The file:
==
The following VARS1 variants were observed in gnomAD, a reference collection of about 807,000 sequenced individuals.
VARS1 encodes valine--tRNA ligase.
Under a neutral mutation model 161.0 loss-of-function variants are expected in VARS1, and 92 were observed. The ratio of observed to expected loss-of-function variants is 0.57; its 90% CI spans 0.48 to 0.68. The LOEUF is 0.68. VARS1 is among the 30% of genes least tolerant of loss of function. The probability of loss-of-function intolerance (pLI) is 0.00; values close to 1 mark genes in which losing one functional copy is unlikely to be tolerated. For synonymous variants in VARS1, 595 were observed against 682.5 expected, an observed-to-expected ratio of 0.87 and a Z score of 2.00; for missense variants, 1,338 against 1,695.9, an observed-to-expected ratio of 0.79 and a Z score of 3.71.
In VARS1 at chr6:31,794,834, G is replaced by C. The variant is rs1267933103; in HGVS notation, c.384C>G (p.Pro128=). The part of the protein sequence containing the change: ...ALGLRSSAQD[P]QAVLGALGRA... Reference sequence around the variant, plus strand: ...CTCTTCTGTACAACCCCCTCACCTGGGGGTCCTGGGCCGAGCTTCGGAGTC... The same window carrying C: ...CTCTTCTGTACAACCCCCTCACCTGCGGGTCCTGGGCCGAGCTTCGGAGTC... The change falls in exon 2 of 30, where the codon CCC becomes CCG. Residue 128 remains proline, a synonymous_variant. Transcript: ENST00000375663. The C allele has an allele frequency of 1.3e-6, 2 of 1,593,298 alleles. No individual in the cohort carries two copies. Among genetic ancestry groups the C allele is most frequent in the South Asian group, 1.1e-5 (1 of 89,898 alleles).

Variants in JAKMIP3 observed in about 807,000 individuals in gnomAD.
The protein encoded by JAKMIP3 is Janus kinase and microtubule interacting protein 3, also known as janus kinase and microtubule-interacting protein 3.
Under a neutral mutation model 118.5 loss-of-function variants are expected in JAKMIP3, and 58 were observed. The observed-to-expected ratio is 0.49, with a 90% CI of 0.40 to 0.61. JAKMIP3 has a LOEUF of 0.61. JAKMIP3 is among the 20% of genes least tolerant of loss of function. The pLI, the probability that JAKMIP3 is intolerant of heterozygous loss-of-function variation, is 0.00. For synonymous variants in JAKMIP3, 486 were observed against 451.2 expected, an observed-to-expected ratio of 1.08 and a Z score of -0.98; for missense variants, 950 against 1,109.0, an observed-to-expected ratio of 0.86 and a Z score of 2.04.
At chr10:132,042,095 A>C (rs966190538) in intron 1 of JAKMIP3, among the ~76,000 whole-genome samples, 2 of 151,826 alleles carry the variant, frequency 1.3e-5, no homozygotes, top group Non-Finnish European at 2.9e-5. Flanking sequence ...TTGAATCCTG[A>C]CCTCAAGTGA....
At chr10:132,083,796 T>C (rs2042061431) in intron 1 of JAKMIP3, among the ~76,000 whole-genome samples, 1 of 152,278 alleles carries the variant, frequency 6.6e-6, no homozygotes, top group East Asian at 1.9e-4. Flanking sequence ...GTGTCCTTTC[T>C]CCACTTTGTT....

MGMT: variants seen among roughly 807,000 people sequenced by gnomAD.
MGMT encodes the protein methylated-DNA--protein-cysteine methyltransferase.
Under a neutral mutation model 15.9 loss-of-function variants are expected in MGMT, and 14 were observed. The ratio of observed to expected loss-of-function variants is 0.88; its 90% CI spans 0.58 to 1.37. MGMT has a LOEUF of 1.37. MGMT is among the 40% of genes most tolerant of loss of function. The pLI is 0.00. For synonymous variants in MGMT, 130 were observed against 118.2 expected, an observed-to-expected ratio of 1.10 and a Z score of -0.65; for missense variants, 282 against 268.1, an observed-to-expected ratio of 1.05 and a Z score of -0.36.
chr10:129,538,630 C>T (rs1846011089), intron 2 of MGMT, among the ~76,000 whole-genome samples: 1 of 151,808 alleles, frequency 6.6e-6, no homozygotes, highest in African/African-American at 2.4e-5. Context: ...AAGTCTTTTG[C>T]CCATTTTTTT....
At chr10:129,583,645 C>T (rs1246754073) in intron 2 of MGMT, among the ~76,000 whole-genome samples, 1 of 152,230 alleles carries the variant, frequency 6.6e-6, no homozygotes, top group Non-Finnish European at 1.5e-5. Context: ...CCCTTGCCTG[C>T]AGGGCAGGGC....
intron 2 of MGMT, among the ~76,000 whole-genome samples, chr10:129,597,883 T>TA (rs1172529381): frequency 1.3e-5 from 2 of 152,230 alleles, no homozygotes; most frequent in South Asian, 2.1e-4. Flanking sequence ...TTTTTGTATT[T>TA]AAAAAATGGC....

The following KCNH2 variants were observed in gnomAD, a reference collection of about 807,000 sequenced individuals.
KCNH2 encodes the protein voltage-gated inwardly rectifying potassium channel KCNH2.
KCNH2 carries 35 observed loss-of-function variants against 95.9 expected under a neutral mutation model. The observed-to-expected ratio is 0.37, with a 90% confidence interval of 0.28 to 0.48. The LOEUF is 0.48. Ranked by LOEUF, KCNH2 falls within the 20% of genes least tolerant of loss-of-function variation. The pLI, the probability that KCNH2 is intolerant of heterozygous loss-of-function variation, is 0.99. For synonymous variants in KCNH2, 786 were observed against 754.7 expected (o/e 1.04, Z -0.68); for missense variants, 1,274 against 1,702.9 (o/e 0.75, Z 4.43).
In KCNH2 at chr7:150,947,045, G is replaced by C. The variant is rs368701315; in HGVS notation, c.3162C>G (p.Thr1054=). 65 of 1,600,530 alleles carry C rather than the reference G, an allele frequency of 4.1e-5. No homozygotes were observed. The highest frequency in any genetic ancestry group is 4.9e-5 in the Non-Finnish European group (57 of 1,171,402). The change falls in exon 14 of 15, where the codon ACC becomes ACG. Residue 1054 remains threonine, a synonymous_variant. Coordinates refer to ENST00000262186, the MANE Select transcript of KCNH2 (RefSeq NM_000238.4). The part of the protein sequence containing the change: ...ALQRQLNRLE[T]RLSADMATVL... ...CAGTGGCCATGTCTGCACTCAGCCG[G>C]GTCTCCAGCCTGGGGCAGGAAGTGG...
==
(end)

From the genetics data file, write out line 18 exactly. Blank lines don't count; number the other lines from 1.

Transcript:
KCNH2 carries 35 observed loss-of-function variants against 95.9 expected under a neutral mutation model. The observed-to-expected ratio is 0.37, with a 90% confidence interval of 0.28 to 0.48. The LOEUF is 0.48. Ranked by LOEUF, KCNH2 falls within the 20% of genes least tolerant of loss-of-function variation. The pLI, the probability that KCNH2 is intolerant of heterozygous loss-of-function variation, is 0.99. For synonymous variants in KCNH2, 786 were observed against 754.7 expected (o/e 1.04, Z -0.68); for missense variants, 1,274 against 1,702.9 (o/e 0.75, Z 4.43).